Role of Sanskrit in the birth of other languages
Sanskrit belongs to the Indo-Aryan branch of the Indo-European languages. It is a classical language of South Asia. Sanskrit is the language of classical Hindu philosophy, as well as that of historical texts of Buddhism and Jainism. It is the sacred language of Hinduism. It became a language of religion and a symbol of high culture, and language exhibited to show prestige and knowledge by some political elites. Sanskrit had a lasting impact on the languages of South Asia, Southeast Asia, and East Asia, especially in their formal and learned vocabularies
In this article we will see why Sanskrit is given so much importance and its relevance.
History and Presence
Even though Sanskrit originated in South Asia, its presence exists in lands far beyond South Asia. Inscriptions and literary evidence suggest that the Sanskrit language was already being adopted in Southeast Asia and Central Asia in the 1st millennium CE, through monks, religious pilgrims, and merchants who took it there.
Beyond ancient India, significant collections of Sanskrit manuscripts and inscriptions have been found in China (particularly the Tibetan monasteries), Myanmar, Indonesia, Cambodia, Laos, Vietnam, Thailand, and Malaysia. Sanskrit inscriptions, manuscripts, or its remnants, including some of the oldest known Sanskrit written texts, have been discovered in dry, high deserts and in mountainous terrains such as in Nepal, Tibet, Afghanistan, Mongolia, Uzbekistan, Turkmenistan, Tajikistan, and Kazakhstan. Some Sanskrit texts and inscriptions have also been discovered in Korea and Japan.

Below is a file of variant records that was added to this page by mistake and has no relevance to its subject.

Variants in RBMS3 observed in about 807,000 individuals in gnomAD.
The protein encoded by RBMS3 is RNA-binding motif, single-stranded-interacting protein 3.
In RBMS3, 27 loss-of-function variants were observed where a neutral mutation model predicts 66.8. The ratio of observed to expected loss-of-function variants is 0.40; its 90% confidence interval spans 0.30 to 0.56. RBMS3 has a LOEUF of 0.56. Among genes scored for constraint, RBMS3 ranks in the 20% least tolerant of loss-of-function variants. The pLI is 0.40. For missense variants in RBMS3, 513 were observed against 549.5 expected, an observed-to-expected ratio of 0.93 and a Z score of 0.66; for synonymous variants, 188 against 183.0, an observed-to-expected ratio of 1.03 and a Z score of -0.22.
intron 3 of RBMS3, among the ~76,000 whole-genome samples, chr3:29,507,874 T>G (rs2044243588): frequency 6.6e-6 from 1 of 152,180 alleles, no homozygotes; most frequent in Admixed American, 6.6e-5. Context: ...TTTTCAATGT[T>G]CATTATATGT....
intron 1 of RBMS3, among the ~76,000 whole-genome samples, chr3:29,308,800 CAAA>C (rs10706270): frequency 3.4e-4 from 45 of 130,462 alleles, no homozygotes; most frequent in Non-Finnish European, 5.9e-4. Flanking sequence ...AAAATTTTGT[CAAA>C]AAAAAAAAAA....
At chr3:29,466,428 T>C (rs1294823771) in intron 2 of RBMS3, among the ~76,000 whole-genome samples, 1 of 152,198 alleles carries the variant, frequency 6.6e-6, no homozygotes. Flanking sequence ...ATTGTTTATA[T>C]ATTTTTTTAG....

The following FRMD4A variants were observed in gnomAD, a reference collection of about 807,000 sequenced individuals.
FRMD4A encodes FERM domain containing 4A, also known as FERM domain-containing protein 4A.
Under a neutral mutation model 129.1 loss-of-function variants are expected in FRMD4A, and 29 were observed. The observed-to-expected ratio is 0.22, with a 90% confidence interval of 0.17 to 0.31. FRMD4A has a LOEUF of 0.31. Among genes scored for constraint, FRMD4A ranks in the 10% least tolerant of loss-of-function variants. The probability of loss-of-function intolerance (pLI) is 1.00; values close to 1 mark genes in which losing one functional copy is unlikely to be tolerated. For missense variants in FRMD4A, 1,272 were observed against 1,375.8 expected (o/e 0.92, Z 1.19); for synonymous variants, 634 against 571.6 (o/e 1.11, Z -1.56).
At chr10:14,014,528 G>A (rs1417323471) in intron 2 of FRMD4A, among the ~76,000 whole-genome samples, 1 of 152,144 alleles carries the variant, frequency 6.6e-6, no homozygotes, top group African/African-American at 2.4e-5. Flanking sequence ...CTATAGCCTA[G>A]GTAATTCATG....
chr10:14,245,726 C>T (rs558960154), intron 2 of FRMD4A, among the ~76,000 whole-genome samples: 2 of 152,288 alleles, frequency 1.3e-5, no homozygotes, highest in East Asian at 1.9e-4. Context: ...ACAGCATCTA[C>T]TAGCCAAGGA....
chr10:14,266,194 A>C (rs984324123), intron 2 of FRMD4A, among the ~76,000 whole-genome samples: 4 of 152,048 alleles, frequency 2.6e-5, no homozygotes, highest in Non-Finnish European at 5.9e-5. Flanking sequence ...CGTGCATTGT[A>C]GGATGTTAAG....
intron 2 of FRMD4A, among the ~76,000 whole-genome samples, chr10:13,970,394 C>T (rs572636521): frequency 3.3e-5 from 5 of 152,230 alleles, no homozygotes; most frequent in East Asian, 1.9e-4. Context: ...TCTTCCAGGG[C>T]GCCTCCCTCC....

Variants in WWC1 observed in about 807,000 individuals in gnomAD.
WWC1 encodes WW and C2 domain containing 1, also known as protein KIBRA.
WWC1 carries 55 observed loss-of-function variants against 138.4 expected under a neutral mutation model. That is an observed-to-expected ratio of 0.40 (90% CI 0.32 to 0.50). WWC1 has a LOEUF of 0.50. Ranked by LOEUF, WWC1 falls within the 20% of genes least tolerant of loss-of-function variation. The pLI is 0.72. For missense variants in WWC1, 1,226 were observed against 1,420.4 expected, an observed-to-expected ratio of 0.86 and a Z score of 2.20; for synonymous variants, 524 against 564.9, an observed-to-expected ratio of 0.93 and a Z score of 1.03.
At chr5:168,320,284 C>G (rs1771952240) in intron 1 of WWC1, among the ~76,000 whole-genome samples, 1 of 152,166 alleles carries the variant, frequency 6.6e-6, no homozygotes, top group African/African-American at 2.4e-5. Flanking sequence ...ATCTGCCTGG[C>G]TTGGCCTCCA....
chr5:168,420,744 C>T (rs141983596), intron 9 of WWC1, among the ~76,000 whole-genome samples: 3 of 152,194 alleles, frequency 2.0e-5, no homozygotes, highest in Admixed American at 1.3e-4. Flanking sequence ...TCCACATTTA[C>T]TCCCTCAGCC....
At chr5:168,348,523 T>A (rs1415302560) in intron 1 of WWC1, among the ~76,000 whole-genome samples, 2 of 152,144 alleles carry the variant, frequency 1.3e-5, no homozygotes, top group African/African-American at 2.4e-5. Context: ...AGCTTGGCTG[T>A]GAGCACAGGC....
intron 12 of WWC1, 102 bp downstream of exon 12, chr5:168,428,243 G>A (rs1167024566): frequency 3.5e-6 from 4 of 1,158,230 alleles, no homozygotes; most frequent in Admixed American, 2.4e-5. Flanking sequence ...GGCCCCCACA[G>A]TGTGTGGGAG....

Sino-Tibetan languages like Telugu have hints of Sanskrit vocabulary. The Indonesian language of Javanese and Malaysia’s Malay language also show a history of Sanskrit influence. Scholars believe that language spoken in the Philippines has a minor Sanskrit flavor, as well. Sanskrit is related to Greek and Latin, with similarities in phonetics, grammar, and script. There are similarities in Sanskrit and other European languages like German, also.
The Indian language, Tamil, which is also one of the oldest languages in the world has many similarities with Sanskrit in terms of vocabulary, grammar, pronunciations, etc.
From all the above accounts, we understand the reason behind Sanskrit being called ‘the mother of many languages’.
Has Sanskrit learning become obsolete, but? Is no one interested today in learning Sanskrit? If you think that the answer to this question is ‘yes’, think again and again.
Even better, just read the following!
According to research, NASA claims that Sanskrit – the ancient Hindu language – is the most suitable language to develop computer programming for their Artificial Intelligence program.
the grammar of Sanskrit is rule-bound, formula-bound, and logical which makes it highly appropriate to write algorithms. If Sanskrit is being considered the best language for artificial intelligence programs, will it die?
Moreover, language enthusiasts, philologists, archaeologists, and the similar kind of people who revere studies of languages find this ancient and yet ever-young language, not just interesting, but also enthralling.
They take studies of the Sanskrit language seriously so as to excel at it. Once they master the language, they have greater scope for success in their professional fields, too.
As many as 14 universities in Germany and at least 4 in the United Nations offer courses in the Sanskrit language. Apart from this, Sanskrit is also offered as a subject in various educational institutes across the United States, Australia, New Zealand, etc. Language training institutes almost all over the world have Sanskrit language-based courses in their list of courses to offer. This is because they have an idea about the far reach of the language and also about the demand for it.